Ministerstwo Kultury i Dziedzictwa Narodowego
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Ludomir Michał Rogowski

Ludomir Michał Rogowski


Rogowski Ludomir Michał, *3 X 1881 Lublin, †13 III 1954 Dubrovnik, Polish composer and conductor. His interest in music was influenced by his parents who were amateur musicians – his mother, Karolina played the piano and his father, Dominik played the violin. When he was just seven years old he tried to write his first pieces. He studied at the Institute of Music in Warsaw under the direction of Z. Noskowski (composition) and E. Młynarski and R. Statkowski (conducting) until 1906. From 1906 to 1907 he continued his studies at Leipzig under the direction of A. Nikisch (conducting) and H. Riemann (harmony and counterpoint). He also deepened his knowledge of music in Munich (1907-1908), Rome (1908-1909) and at a vocal course with J. Reszke in Paris (1911). His interests were not limited to music, because at the same time explored areas such as biology, experimental psychology, Hindu philosophy, occultism and the plastic arts. From 1909 he taught at the school of music for organists and conducted the symphony orchestra in Vilnius. In 1912 he was appointed director of the orchestra and music director of the Teatr Nowoczesny in Warsaw.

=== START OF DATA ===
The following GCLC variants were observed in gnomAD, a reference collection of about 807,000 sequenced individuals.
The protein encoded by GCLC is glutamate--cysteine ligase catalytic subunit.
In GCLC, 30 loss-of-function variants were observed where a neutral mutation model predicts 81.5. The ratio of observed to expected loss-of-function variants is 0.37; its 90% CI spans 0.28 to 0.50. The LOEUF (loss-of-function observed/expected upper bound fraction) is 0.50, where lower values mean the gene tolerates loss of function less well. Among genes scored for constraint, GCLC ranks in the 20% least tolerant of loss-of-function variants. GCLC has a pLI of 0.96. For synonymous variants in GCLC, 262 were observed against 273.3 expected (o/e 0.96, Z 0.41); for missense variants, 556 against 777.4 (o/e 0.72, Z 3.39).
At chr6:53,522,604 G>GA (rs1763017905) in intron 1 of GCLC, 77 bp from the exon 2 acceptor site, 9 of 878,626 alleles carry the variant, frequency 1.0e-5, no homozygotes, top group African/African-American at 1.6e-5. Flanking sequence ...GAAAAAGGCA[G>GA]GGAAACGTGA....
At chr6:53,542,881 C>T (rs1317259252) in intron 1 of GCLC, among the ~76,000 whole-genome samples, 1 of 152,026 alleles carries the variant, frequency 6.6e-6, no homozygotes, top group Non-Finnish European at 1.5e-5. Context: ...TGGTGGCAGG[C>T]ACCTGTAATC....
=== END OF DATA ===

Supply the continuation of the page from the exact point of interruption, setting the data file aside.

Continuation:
From 1914 to 1919 he lived in France (Paris, Villefranche), followed by Belgium (Brussels), mostly giving concerts and composing. In 1919 he wrote his artistic manifesto called Muzyka przyszłości (Music of the Future). From 1921 he lived in Warsaw, where he conducted, composed, wrote literary works, translated and created musical illustrations for artworks on display at the Polish, Mały and Rozmaitości theatres. In 1926 he moved permanently to Dubrovnik. Despite his remoteness he was still interested in musical life in Poland (evidence of this includes the articles O polskość naszej kultury muzycznej and Pro domo sua) and he travelled home for concerts in 1935 and 1938 (Łódź, Warsaw). In 1938 he was awarded the State Prize for lifetime achievement in music. After 1939, Rogowski was taken care of by the authorities of Dubrovnik, who granted him a pension and a room in a former convent of St. Jacob. Rogowski preferred fairy tale themes in his operas. These are pieces with a chamber ensemble and concise form; in one of them, Wielkim zmartwieniu małej Ondyny, he made an interesting formal experiment: the introduction of a fragment of film.